Medics teaching is just the physical act.
This is likely where you have gone off the rails with your alleged “immoral universals”.
Lol. You’re a riot. You know as well as I do this was nearly a non issue.
Of course I’m being facetious here but I’m asking a serious question. If you think there is a possibility that the Church has been teaching in error on contraception for all of these years, what basis is there to think that they are correct when it comes to its other teachings?
As I said, you and I both know that this was nearly a non-issue. I’m not here to debate anything else. The Church has reversed decisions before and committed grave errors in judgment. I’m Catholic and love her with all my heart but I also recognize she is not perfect and she is governed by humans.
Your other comments are just a tactic designed to deflect and get a rise out of me, and they do neither.
You mean we have to go back to fish and chips on all Fridays of the year. Drats.
I’m not trying to get a rise out of you; I seriously want to know why you think this teaching could change. Yes, they have made errors in judgment in practice and concrete actions, but not errors in moral teachings. The prohibition against non-procreative sex (speaking generally here without going into too much explicit detail) has been a constant teaching of the Church since apostolic times. Numerous Popes have reaffirmed the teaching. Most Catholic scholars are in agreement that the teaching meets the criteria for being an infallible teaching.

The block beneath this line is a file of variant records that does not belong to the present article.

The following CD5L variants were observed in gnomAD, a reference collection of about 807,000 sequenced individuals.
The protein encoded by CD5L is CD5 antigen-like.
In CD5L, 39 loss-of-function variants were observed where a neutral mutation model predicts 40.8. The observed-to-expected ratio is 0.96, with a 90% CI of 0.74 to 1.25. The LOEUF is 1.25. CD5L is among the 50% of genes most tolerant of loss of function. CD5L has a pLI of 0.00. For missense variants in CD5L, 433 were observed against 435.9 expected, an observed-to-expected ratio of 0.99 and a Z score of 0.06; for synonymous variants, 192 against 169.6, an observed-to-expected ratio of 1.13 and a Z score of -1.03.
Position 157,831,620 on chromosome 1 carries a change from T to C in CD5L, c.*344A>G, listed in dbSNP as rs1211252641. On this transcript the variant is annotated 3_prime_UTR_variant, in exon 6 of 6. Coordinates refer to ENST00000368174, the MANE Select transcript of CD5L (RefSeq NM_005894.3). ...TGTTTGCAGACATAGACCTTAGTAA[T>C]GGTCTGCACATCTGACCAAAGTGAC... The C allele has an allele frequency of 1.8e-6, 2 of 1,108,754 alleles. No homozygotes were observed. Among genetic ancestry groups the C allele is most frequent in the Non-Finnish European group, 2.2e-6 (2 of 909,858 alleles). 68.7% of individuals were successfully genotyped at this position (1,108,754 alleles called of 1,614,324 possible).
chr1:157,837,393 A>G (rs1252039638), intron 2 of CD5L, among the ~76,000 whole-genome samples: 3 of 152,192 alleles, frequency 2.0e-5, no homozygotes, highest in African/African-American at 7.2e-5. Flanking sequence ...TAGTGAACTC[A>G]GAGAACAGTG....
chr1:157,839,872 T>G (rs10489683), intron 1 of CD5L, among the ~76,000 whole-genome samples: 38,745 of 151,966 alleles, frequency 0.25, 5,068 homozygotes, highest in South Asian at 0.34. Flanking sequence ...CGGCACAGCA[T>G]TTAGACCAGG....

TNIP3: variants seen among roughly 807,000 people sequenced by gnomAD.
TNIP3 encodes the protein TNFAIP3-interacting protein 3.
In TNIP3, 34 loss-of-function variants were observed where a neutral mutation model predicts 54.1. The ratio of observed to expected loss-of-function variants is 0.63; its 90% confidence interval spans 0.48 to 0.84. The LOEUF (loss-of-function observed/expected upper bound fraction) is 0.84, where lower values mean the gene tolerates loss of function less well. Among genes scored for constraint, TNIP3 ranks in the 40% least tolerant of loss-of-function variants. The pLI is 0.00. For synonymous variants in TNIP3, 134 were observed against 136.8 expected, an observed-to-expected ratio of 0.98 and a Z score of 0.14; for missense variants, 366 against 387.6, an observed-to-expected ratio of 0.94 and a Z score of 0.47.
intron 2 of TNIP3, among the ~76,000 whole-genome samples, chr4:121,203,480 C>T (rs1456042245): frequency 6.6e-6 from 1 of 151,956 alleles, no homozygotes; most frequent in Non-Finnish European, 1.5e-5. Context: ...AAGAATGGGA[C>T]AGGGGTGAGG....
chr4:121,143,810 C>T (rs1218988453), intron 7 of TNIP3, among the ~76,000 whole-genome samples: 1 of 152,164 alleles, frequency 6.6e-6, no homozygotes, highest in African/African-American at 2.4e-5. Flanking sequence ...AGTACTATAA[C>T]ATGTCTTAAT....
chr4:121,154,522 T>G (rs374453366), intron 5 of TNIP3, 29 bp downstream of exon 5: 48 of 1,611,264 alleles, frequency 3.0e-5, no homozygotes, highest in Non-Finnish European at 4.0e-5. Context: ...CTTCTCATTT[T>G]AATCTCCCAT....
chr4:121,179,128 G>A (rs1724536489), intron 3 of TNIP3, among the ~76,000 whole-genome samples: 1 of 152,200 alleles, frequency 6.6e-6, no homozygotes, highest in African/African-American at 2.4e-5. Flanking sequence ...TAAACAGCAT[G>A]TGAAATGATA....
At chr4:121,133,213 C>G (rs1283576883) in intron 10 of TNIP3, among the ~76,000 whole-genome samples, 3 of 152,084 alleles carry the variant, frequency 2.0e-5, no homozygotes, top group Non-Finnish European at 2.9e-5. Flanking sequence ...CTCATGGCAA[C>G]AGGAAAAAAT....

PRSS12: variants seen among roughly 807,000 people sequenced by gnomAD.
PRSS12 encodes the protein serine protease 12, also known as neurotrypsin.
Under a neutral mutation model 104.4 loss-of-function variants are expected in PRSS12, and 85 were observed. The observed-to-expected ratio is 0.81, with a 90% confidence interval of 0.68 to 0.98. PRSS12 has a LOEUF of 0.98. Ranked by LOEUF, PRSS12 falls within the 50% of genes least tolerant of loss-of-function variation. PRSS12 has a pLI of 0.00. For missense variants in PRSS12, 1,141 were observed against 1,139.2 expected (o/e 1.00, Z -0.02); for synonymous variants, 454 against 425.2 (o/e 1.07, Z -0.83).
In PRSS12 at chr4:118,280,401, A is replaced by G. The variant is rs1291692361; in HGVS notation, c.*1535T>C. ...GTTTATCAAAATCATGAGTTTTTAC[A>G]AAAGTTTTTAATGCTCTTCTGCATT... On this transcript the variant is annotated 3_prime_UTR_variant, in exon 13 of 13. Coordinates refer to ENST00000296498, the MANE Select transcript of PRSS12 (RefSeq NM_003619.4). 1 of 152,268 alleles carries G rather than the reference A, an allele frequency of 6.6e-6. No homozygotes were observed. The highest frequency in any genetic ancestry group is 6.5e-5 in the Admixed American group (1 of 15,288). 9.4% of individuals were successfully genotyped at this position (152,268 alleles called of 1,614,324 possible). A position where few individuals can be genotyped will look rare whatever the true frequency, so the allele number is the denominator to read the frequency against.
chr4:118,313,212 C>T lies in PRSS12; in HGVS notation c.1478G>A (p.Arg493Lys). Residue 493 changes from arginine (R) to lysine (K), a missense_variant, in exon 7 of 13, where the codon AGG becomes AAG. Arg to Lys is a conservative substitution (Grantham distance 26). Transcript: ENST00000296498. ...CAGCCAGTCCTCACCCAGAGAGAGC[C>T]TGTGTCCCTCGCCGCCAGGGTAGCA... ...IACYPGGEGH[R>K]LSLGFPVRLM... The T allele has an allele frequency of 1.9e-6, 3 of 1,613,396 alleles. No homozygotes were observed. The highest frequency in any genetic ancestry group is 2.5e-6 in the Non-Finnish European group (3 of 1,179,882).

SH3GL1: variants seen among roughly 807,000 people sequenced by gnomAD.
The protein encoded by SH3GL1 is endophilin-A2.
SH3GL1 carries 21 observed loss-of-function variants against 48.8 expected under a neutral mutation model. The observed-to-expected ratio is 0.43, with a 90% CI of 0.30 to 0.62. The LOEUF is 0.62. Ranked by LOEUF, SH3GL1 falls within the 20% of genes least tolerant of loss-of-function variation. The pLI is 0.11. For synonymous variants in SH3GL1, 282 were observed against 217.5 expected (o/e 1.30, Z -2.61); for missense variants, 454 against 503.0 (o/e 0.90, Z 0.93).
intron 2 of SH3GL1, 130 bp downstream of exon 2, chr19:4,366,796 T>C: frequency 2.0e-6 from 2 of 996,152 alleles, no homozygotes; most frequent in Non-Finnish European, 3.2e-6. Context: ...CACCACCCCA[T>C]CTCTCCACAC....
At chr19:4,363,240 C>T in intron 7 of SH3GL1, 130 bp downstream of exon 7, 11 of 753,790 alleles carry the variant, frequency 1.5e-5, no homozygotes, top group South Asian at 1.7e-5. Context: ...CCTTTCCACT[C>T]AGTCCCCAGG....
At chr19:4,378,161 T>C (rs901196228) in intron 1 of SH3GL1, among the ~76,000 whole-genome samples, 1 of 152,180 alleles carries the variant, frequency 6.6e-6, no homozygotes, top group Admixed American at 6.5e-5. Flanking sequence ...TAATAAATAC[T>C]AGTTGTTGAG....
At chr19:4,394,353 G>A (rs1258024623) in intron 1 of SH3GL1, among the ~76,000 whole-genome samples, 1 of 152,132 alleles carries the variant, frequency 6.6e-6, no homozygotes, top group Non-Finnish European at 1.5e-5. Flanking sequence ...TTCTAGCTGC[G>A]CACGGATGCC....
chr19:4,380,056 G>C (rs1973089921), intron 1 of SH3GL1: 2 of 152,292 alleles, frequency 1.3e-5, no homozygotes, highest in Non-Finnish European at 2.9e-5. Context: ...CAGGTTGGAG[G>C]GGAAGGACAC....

The Church has repeatedly affirmed that the illicitness of contraception is an infallible doctrine: “The Church has always taught the intrinsic evil of contraception, that is, of every marital act intentionally rendered unfruitful. This teaching is to be held as definitive and irreformable. Contraception is gravely opposed to marital chastity, it is contrary to the good of the transmission of life (the procreative.aspect of matrimony), and to the reciprocal self-giving of the spouses (the unitive.aspect of matrimony); it harms true love and denies the sovereign role of God in the transmission of human life” (Vademecum for Confessors 2:4, Feb. 12, 1997).
This is a practice, not an infallible doctrine.
Because it very nearly didn’t exist, that’s why. This was almost a non-issue. And with over 80% of Catholics in the pews believing it isn’t an issue, eventually it won’t be.
You’ll notice I’m not saying right or wrong. But in my lifetime it will change.
Well I agree with you that vast swaths of Catholics disagree and/or ignore the teachings on contraception. And many priests/bishops are loathe to bring it up if it is at all unavoidable. But that doesn’t meant that they are correct in doing so.
And if the Church does indeed change the teaching, then the Church would be teaching in error, either in the past, or in the future. In which case the entire moral foundation of the Church would collapse, since if they could be wrong about this, then they could be wrong about any number of things.